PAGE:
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CincyCraig

Juice of 1 Lemon, Juice of Half a Lime...

13 posts in this topic

Like many of you, I have been making cocktails from The Savoy, Old Waldorf, Bon Vivant and many other classic cocktail books for many years. And, I'll bet, like may of you I have at times been vexed by the rather nondescript measurements used in many of the classic cocktail books. It wasn't until I read Dave Wondrich's Imbibe that I finally had a understanding of most of the measurements used in those books. However, there is still one area where the older books still cause some confusion for me: citrus.

Many of the older recipes call for using "The juice of one lemon" or "the juice of half a lime", and so on. I wonder how the size of lemons, limes & oranges in the late 19th & early 20th century differs from the size of today's fruit, and how much juice that the different fruits produce? How much juice is in a half a lemon, lime, etc?? When I go to the grocery today, I find lemons the size baseballs, and limes that are nearly as big. you didn't see citrus that large just 15 or 20 years ago, so I can only imagine how large (or small) citrus must have been 100 years ago. I think that it's a good bet that, like many items (eggs, chickens, apples etc), citrus is much bigger today than in the past.

I would appreciate any insight into how to standardize juice measurements (half, whole, etc) as used in the classic cocktail books. Has anyone else ever considered this topic, or have I just become a completely OCD cocktail geek?

Cheers,

Craig in Cincinnati


Edited by CincyCraig (log)

During lunch with the Arab leader Ibn Saud, when he heard that the king’s religion forbade smoking and alcohol, Winston Churchill said: "I must point out that my rule of life prescribed as an absolutely sacred rite the smoking of cigars and also the drinking of alcohol before, after, and if need be during all meals and in the intervals between them." Ibn Saud relented and the lunch went on with both alcohol & cigars.

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I can't answer as to the size of fruits past and present, but for conversions, Gourmet Sleuth's conversion calculator is pretty good about converting size (ex. half a tomato, juice of one lemon) to volume or weight measurements.

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There's an additional problem: interobject variability. I juiced two limes, identical from the outside, yesterday: one gave a scant ounce and the other gave three. This is why god made little red tasting straws.

And don't worry: plenty of OCD cocktail geeks around. Lean on me.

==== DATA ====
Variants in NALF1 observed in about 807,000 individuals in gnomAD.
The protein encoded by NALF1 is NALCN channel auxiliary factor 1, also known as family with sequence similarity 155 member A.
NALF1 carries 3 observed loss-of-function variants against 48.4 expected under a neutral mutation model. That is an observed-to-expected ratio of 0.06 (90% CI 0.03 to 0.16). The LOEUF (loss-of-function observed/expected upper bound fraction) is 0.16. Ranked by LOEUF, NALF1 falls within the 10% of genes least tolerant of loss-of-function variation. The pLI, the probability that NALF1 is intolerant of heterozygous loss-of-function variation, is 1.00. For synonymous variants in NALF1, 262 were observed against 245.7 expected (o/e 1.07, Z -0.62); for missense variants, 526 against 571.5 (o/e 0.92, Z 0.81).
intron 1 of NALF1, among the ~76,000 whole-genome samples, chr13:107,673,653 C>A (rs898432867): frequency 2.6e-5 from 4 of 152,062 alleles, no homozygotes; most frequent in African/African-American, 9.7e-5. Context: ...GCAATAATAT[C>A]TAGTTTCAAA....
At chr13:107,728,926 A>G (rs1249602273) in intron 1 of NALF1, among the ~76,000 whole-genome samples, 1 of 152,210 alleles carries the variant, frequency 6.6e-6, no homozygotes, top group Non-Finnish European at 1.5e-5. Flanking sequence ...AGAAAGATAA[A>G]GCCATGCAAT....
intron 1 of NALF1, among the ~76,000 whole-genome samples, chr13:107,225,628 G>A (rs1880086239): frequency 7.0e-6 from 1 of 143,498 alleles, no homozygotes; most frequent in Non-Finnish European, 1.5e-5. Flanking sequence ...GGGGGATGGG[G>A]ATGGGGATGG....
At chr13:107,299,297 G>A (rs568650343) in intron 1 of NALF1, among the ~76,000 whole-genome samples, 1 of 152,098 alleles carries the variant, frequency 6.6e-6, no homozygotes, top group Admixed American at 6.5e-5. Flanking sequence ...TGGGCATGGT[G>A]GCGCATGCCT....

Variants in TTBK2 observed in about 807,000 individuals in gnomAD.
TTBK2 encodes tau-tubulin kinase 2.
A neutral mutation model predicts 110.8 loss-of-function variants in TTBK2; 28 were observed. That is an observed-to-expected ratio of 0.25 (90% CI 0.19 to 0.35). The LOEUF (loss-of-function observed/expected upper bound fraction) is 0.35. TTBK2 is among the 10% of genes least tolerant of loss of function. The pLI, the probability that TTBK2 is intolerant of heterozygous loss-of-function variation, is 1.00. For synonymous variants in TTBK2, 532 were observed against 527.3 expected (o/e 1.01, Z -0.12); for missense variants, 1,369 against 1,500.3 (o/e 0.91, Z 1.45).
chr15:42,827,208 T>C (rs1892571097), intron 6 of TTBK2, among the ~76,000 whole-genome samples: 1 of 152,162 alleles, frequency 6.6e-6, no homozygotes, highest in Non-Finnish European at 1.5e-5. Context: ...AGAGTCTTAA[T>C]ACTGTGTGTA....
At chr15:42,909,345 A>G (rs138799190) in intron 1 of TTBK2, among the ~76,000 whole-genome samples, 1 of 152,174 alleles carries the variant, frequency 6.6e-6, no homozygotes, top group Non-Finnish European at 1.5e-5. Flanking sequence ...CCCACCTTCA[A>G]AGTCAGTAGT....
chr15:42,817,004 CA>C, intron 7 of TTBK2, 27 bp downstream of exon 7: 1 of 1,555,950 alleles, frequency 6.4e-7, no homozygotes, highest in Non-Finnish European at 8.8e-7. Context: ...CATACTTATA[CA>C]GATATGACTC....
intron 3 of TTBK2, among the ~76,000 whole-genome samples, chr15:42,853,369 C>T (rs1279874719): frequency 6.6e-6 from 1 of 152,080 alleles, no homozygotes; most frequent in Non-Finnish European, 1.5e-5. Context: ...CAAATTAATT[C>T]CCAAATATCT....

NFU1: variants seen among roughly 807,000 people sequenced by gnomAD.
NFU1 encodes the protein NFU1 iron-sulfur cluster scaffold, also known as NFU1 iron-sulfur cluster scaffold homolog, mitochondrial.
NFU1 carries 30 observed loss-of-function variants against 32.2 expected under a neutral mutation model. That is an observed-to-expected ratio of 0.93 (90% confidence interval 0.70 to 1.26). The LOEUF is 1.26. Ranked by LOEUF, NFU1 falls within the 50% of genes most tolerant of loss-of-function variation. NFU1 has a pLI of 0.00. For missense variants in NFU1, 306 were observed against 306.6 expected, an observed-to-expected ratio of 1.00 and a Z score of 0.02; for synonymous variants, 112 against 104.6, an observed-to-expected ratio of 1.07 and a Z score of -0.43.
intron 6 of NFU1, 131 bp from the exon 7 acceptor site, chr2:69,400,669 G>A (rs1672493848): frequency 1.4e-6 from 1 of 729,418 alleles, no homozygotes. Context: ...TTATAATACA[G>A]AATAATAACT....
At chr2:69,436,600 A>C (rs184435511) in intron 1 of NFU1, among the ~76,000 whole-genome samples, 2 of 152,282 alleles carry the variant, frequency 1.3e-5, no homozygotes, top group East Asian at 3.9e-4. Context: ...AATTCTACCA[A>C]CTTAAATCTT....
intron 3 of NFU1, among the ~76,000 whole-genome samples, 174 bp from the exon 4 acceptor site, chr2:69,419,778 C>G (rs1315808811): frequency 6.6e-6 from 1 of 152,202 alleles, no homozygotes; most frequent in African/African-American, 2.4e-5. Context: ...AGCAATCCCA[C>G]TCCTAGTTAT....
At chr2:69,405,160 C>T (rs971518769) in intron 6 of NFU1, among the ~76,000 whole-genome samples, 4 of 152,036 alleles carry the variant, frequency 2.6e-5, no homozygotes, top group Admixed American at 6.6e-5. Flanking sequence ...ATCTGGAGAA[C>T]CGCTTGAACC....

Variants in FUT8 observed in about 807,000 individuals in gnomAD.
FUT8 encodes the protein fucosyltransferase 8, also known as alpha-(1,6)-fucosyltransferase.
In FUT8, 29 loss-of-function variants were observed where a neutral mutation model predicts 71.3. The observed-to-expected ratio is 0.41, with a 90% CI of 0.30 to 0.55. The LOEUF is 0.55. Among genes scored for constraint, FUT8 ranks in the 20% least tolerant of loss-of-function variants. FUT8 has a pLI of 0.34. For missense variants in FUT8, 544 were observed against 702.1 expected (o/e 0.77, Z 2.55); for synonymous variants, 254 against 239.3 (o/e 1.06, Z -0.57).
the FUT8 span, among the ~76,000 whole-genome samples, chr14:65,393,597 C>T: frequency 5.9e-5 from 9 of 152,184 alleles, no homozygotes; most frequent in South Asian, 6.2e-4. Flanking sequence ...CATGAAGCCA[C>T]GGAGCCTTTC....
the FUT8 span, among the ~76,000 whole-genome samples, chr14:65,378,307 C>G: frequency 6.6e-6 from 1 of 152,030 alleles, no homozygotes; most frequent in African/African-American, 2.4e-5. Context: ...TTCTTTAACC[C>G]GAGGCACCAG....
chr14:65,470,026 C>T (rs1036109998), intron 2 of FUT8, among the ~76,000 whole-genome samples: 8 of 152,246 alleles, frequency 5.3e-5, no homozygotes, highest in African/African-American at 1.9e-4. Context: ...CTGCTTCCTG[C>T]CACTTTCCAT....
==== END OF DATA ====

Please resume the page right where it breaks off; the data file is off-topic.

Chris Amirault

camirault@eGstaff.org

eG Ethics Signatory

Sir Luscious got gator belts and patty melts

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Yeah, you are not alone...the mystery deepens when people like Charles Baker (and lots of others) say that the recipe can use half a lemon or a whole lime...this leads me to wonder if something like a Key Lime is what is being discussed. If that is what is meant by a lime in prewar mixology then it has huge implications in all types of drinks, from Daiquiris to Don the Beachcomber.


Andy Arrington

Journeyman Drinksmith

Twitter--@LoneStarBarman

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Hi,

I always liked the instruction, "a tablespoon of juice from one lemon." Would it be cheating to use more than one lemon?

Tim

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There's an additional problem: interobject variability. I juiced two limes, identical from the outside, yesterday: one gave a scant ounce and the other gave three. This is why god made little red tasting straws.

And don't worry: plenty of OCD cocktail geeks around. Lean on me.

Red tasting straws? Really? I must taste off white or black as any color imparts too much flavor.

These days we get 1 oz from a lime and 2 oz from a lemon.

I find the yield of citrus has almost as much to do with the temp of the lemon/lime as the size. As the fridges back then were not as cold as they are now, that also might have something to do with the measure of juice.

Toby


A DUSTY SHAKER LEADS TO A THIRSTY LIFE

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There's an additional problem: interobject variability. I juiced two limes, identical from the outside, yesterday: one gave a scant ounce and the other gave three. This is why god made little red tasting straws.

And don't worry: plenty of OCD cocktail geeks around. Lean on me.

Red tasting straws? Really? I must taste off white or black as any color imparts too much flavor.